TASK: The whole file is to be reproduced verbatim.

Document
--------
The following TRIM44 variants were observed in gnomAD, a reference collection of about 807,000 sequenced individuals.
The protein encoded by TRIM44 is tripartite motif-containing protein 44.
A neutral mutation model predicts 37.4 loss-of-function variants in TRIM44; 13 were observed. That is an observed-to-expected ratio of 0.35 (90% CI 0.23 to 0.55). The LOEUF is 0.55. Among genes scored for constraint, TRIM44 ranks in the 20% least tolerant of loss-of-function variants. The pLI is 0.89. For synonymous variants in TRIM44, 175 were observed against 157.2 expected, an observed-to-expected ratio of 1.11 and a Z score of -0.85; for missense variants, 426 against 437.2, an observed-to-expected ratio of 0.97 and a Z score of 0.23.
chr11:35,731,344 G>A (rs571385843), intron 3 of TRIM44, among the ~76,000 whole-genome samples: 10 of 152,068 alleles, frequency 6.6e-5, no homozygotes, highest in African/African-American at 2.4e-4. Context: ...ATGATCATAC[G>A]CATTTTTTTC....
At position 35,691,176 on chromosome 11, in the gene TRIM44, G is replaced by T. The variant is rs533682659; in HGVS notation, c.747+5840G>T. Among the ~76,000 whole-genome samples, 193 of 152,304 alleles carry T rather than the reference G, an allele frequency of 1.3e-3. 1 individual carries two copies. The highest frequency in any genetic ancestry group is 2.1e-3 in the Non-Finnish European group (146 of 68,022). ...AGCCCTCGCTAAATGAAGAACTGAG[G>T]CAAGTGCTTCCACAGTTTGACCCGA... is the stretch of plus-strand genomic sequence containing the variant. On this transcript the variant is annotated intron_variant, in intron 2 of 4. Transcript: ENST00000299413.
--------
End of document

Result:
The following TRIM44 variants were observed in gnomAD, a reference collection of about 807,000 sequenced individuals.
The protein encoded by TRIM44 is tripartite motif-containing protein 44.
A neutral mutation model predicts 37.4 loss-of-function variants in TRIM44; 13 were observed. That is an observed-to-expected ratio of 0.35 (90% CI 0.23 to 0.55). The LOEUF is 0.55. Among genes scored for constraint, TRIM44 ranks in the 20% least tolerant of loss-of-function variants. The pLI is 0.89. For synonymous variants in TRIM44, 175 were observed against 157.2 expected, an observed-to-expected ratio of 1.11 and a Z score of -0.85; for missense variants, 426 against 437.2, an observed-to-expected ratio of 0.97 and a Z score of 0.23.
chr11:35,731,344 G>A (rs571385843), intron 3 of TRIM44, among the ~76,000 whole-genome samples: 10 of 152,068 alleles, frequency 6.6e-5, no homozygotes, highest in African/African-American at 2.4e-4. Context: ...ATGATCATAC[G>A]CATTTTTTTC....
At position 35,691,176 on chromosome 11, in the gene TRIM44, G is replaced by T. The variant is rs533682659; in HGVS notation, c.747+5840G>T. Among the ~76,000 whole-genome samples, 193 of 152,304 alleles carry T rather than the reference G, an allele frequency of 1.3e-3. 1 individual carries two copies. The highest frequency in any genetic ancestry group is 2.1e-3 in the Non-Finnish European group (146 of 68,022). ...AGCCCTCGCTAAATGAAGAACTGAG[G>T]CAAGTGCTTCCACAGTTTGACCCGA... is the stretch of plus-strand genomic sequence containing the variant. On this transcript the variant is annotated intron_variant, in intron 2 of 4. Transcript: ENST00000299413.